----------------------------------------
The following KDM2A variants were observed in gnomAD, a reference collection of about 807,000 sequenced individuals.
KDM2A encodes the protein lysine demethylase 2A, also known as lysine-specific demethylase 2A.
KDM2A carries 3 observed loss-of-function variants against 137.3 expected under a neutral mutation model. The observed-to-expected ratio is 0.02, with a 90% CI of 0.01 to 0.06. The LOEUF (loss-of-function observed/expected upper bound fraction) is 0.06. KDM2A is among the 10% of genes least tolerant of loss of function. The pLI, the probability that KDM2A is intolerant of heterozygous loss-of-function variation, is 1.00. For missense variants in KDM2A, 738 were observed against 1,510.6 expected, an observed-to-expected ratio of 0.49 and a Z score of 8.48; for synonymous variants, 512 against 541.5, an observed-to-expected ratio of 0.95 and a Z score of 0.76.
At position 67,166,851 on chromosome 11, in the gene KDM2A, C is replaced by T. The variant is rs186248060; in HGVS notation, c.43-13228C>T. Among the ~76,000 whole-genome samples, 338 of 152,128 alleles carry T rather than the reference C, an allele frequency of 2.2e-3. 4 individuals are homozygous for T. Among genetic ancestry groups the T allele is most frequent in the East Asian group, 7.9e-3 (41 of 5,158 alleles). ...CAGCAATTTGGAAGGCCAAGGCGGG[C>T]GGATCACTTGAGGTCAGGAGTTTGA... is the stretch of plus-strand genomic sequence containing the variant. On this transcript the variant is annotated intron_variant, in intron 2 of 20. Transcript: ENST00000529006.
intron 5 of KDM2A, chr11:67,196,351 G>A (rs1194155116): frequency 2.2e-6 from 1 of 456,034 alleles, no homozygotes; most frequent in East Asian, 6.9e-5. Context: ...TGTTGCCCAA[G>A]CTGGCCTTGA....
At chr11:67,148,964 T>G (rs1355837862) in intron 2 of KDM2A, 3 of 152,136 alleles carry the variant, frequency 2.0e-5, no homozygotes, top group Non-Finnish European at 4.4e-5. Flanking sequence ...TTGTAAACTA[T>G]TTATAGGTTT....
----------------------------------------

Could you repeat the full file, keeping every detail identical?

The following KDM2A variants were observed in gnomAD, a reference collection of about 807,000 sequenced individuals.
KDM2A encodes the protein lysine demethylase 2A, also known as lysine-specific demethylase 2A.
KDM2A carries 3 observed loss-of-function variants against 137.3 expected under a neutral mutation model. The observed-to-expected ratio is 0.02, with a 90% CI of 0.01 to 0.06. The LOEUF (loss-of-function observed/expected upper bound fraction) is 0.06. KDM2A is among the 10% of genes least tolerant of loss of function. The pLI, the probability that KDM2A is intolerant of heterozygous loss-of-function variation, is 1.00. For missense variants in KDM2A, 738 were observed against 1,510.6 expected, an observed-to-expected ratio of 0.49 and a Z score of 8.48; for synonymous variants, 512 against 541.5, an observed-to-expected ratio of 0.95 and a Z score of 0.76.
At position 67,166,851 on chromosome 11, in the gene KDM2A, C is replaced by T. The variant is rs186248060; in HGVS notation, c.43-13228C>T. Among the ~76,000 whole-genome samples, 338 of 152,128 alleles carry T rather than the reference C, an allele frequency of 2.2e-3. 4 individuals are homozygous for T. Among genetic ancestry groups the T allele is most frequent in the East Asian group, 7.9e-3 (41 of 5,158 alleles). ...CAGCAATTTGGAAGGCCAAGGCGGG[C>T]GGATCACTTGAGGTCAGGAGTTTGA... is the stretch of plus-strand genomic sequence containing the variant. On this transcript the variant is annotated intron_variant, in intron 2 of 20. Transcript: ENST00000529006.
intron 5 of KDM2A, chr11:67,196,351 G>A (rs1194155116): frequency 2.2e-6 from 1 of 456,034 alleles, no homozygotes; most frequent in East Asian, 6.9e-5. Context: ...TGTTGCCCAA[G>A]CTGGCCTTGA....
At chr11:67,148,964 T>G (rs1355837862) in intron 2 of KDM2A, 3 of 152,136 alleles carry the variant, frequency 2.0e-5, no homozygotes, top group Non-Finnish European at 4.4e-5. Flanking sequence ...TTGTAAACTA[T>G]TTATAGGTTT....